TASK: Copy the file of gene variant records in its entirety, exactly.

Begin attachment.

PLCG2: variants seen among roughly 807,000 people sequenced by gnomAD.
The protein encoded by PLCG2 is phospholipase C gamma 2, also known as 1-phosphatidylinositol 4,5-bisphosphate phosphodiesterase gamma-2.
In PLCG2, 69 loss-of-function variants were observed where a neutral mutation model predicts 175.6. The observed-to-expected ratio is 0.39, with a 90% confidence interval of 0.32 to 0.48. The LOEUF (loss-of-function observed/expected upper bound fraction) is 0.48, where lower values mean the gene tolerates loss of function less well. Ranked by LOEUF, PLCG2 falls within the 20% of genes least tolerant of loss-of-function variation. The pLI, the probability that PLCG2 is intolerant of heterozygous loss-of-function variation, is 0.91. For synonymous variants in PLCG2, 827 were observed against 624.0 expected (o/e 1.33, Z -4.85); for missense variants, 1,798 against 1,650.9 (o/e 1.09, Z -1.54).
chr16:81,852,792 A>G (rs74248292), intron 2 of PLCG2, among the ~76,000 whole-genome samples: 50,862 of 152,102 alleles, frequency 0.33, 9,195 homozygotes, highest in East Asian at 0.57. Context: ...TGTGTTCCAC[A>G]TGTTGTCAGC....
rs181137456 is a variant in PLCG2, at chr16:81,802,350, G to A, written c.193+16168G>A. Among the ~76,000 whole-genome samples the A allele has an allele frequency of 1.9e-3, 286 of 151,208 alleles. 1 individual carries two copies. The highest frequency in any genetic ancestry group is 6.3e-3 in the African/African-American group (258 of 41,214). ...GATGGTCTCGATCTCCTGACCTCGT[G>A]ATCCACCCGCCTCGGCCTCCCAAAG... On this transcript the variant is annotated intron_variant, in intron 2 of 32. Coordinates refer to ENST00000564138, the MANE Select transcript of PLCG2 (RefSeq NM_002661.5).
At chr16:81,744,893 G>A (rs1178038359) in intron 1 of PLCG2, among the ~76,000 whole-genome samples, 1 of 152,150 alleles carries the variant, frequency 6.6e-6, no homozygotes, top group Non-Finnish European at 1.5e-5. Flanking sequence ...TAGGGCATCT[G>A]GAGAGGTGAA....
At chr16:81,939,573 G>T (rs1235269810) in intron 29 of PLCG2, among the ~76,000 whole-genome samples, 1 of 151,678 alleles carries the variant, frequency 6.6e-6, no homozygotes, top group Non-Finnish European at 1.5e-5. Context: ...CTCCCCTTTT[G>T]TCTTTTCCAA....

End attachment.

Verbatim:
PLCG2: variants seen among roughly 807,000 people sequenced by gnomAD.
The protein encoded by PLCG2 is phospholipase C gamma 2, also known as 1-phosphatidylinositol 4,5-bisphosphate phosphodiesterase gamma-2.
In PLCG2, 69 loss-of-function variants were observed where a neutral mutation model predicts 175.6. The observed-to-expected ratio is 0.39, with a 90% confidence interval of 0.32 to 0.48. The LOEUF (loss-of-function observed/expected upper bound fraction) is 0.48, where lower values mean the gene tolerates loss of function less well. Ranked by LOEUF, PLCG2 falls within the 20% of genes least tolerant of loss-of-function variation. The pLI, the probability that PLCG2 is intolerant of heterozygous loss-of-function variation, is 0.91. For synonymous variants in PLCG2, 827 were observed against 624.0 expected (o/e 1.33, Z -4.85); for missense variants, 1,798 against 1,650.9 (o/e 1.09, Z -1.54).
chr16:81,852,792 A>G (rs74248292), intron 2 of PLCG2, among the ~76,000 whole-genome samples: 50,862 of 152,102 alleles, frequency 0.33, 9,195 homozygotes, highest in East Asian at 0.57. Context: ...TGTGTTCCAC[A>G]TGTTGTCAGC....
rs181137456 is a variant in PLCG2, at chr16:81,802,350, G to A, written c.193+16168G>A. Among the ~76,000 whole-genome samples the A allele has an allele frequency of 1.9e-3, 286 of 151,208 alleles. 1 individual carries two copies. The highest frequency in any genetic ancestry group is 6.3e-3 in the African/African-American group (258 of 41,214). ...GATGGTCTCGATCTCCTGACCTCGT[G>A]ATCCACCCGCCTCGGCCTCCCAAAG... On this transcript the variant is annotated intron_variant, in intron 2 of 32. Coordinates refer to ENST00000564138, the MANE Select transcript of PLCG2 (RefSeq NM_002661.5).
At chr16:81,744,893 G>A (rs1178038359) in intron 1 of PLCG2, among the ~76,000 whole-genome samples, 1 of 152,150 alleles carries the variant, frequency 6.6e-6, no homozygotes, top group Non-Finnish European at 1.5e-5. Flanking sequence ...TAGGGCATCT[G>A]GAGAGGTGAA....
At chr16:81,939,573 G>T (rs1235269810) in intron 29 of PLCG2, among the ~76,000 whole-genome samples, 1 of 151,678 alleles carries the variant, frequency 6.6e-6, no homozygotes, top group Non-Finnish European at 1.5e-5. Context: ...CTCCCCTTTT[G>T]TCTTTTCCAA....